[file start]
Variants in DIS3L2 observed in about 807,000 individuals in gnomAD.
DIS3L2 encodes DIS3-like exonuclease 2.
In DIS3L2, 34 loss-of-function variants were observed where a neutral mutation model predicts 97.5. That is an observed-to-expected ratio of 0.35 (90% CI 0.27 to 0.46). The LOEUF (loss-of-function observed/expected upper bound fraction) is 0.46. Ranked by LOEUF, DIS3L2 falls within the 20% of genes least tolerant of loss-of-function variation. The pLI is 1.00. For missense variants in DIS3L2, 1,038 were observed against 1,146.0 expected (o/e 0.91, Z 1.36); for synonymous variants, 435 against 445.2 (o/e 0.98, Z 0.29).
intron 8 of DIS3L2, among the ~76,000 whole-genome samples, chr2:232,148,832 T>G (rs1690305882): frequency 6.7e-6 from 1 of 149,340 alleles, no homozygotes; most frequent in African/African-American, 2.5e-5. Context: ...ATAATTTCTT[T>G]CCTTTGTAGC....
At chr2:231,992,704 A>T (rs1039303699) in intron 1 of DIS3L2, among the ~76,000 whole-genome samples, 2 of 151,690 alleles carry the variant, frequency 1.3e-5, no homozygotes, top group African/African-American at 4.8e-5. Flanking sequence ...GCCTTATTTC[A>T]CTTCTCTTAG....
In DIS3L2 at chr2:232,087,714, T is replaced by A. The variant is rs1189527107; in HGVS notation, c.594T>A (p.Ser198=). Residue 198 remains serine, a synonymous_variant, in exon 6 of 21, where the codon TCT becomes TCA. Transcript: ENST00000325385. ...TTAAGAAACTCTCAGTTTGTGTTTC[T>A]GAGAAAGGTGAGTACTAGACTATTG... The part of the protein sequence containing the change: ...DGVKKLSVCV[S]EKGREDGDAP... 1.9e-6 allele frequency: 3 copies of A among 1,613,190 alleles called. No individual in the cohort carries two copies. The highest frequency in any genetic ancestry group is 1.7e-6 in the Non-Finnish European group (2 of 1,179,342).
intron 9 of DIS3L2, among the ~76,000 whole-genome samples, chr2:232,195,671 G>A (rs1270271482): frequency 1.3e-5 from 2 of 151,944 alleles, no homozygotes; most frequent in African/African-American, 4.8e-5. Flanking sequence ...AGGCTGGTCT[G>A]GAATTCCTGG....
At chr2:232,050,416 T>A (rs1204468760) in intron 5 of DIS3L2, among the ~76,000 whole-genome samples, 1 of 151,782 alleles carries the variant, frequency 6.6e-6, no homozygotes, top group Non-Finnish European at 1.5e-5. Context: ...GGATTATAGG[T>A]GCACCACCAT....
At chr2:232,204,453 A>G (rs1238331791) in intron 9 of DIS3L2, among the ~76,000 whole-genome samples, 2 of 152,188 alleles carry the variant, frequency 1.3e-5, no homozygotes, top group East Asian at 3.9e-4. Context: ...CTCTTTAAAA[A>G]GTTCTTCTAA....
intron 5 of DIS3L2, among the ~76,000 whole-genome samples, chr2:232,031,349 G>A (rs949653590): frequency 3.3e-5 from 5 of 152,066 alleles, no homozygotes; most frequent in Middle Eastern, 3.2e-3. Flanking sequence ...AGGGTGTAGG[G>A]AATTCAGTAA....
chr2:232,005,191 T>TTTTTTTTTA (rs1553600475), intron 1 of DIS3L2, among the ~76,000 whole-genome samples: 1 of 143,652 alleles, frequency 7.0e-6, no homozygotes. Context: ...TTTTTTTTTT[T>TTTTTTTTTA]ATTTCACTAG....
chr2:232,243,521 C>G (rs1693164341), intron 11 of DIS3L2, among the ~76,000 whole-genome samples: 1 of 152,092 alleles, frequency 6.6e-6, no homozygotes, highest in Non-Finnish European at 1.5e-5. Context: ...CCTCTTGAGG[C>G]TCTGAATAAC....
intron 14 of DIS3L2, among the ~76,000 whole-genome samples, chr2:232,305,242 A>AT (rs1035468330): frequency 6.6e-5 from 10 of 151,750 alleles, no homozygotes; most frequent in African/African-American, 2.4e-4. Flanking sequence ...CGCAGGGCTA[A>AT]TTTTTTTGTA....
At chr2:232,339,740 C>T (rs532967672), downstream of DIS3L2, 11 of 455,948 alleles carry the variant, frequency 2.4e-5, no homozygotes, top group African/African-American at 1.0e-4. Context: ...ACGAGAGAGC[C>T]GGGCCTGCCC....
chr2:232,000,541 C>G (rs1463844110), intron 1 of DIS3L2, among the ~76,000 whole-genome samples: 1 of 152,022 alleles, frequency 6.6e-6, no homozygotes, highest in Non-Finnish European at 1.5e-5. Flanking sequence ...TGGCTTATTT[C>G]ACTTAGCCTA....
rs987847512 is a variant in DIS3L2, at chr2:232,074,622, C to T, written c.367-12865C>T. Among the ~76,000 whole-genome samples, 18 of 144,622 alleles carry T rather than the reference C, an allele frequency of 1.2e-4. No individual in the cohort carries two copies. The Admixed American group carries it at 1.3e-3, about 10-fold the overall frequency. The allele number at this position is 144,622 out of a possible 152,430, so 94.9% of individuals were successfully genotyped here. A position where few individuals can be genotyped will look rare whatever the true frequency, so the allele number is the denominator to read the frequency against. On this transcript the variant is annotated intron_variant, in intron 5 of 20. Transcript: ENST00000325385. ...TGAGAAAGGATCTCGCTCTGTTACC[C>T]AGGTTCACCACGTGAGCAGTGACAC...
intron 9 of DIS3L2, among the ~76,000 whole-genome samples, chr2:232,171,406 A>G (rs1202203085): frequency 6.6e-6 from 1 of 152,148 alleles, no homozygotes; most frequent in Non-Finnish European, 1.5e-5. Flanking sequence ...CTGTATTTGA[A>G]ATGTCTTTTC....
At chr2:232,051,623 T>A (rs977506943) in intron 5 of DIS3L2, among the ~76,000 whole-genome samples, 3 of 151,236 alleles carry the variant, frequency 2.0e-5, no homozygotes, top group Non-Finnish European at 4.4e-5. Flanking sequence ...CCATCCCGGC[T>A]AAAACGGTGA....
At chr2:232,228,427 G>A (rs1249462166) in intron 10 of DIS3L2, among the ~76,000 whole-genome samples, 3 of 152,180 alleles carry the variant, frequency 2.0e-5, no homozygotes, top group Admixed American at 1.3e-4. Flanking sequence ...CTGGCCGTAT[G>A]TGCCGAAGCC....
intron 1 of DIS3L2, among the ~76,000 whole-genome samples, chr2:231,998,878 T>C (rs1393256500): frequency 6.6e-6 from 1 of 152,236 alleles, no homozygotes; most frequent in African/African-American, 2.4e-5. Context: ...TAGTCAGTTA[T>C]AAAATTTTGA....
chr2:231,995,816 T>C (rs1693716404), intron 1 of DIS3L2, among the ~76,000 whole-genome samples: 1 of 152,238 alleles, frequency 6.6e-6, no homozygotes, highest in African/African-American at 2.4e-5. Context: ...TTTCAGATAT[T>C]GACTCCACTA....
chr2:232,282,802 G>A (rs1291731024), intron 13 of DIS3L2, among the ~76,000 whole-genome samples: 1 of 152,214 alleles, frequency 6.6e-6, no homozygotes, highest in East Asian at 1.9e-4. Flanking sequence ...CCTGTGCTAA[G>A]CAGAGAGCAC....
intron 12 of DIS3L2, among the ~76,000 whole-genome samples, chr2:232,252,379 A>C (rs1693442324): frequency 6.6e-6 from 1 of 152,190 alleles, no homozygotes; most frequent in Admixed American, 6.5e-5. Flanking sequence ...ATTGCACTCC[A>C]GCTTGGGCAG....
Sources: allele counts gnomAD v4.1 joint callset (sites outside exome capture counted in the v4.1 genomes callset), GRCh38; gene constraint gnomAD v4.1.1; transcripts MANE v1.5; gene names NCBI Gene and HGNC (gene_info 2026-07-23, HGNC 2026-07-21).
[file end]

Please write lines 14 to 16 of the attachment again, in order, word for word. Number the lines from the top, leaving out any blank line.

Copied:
At chr2:232,339,740 C>T (rs532967672), downstream of DIS3L2, 11 of 455,948 alleles carry the variant, frequency 2.4e-5, no homozygotes, top group African/African-American at 1.0e-4. Context: ...ACGAGAGAGC[C>T]GGGCCTGCCC....
chr2:232,000,541 C>G (rs1463844110), intron 1 of DIS3L2, among the ~76,000 whole-genome samples: 1 of 152,022 alleles, frequency 6.6e-6, no homozygotes, highest in Non-Finnish European at 1.5e-5. Flanking sequence ...TGGCTTATTT[C>G]ACTTAGCCTA....
rs987847512 is a variant in DIS3L2, at chr2:232,074,622, C to T, written c.367-12865C>T. Among the ~76,000 whole-genome samples, 18 of 144,622 alleles carry T rather than the reference C, an allele frequency of 1.2e-4. No individual in the cohort carries two copies. The Admixed American group carries it at 1.3e-3, about 10-fold the overall frequency. The allele number at this position is 144,622 out of a possible 152,430, so 94.9% of individuals were successfully genotyped here. A position where few individuals can be genotyped will look rare whatever the true frequency, so the allele number is the denominator to read the frequency against. On this transcript the variant is annotated intron_variant, in intron 5 of 20. Transcript: ENST00000325385. ...TGAGAAAGGATCTCGCTCTGTTACC[C>T]AGGTTCACCACGTGAGCAGTGACAC...